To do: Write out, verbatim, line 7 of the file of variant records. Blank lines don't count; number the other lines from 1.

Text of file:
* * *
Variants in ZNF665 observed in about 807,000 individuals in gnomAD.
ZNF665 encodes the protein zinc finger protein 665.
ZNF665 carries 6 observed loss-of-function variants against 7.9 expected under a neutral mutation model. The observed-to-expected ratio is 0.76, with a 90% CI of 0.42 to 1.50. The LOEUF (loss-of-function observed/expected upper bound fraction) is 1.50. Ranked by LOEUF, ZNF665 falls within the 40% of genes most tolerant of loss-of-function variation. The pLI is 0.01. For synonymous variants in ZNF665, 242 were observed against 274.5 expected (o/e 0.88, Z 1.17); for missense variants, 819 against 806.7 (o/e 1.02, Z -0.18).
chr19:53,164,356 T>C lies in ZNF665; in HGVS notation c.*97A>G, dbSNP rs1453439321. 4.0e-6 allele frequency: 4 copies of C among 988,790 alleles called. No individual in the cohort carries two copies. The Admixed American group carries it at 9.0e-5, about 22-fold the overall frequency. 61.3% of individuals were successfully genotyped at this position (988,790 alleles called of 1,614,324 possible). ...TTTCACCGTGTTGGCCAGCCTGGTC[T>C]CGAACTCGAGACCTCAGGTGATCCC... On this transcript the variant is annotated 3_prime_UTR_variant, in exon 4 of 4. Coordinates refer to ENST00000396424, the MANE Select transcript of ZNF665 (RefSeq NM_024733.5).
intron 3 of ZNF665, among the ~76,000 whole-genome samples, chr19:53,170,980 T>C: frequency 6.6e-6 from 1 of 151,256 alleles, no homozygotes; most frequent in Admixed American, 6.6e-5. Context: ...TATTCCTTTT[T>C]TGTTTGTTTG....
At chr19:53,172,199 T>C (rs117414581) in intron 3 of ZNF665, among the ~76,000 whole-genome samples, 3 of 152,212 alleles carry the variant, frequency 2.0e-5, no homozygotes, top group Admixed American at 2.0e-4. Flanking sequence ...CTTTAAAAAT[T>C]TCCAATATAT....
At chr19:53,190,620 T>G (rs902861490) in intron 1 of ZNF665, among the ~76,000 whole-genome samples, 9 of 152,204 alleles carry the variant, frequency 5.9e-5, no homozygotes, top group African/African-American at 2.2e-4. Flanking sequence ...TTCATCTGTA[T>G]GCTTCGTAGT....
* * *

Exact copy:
At chr19:53,190,620 T>G (rs902861490) in intron 1 of ZNF665, among the ~76,000 whole-genome samples, 9 of 152,204 alleles carry the variant, frequency 5.9e-5, no homozygotes, top group African/African-American at 2.2e-4. Flanking sequence ...TTCATCTGTA[T>G]GCTTCGTAGT....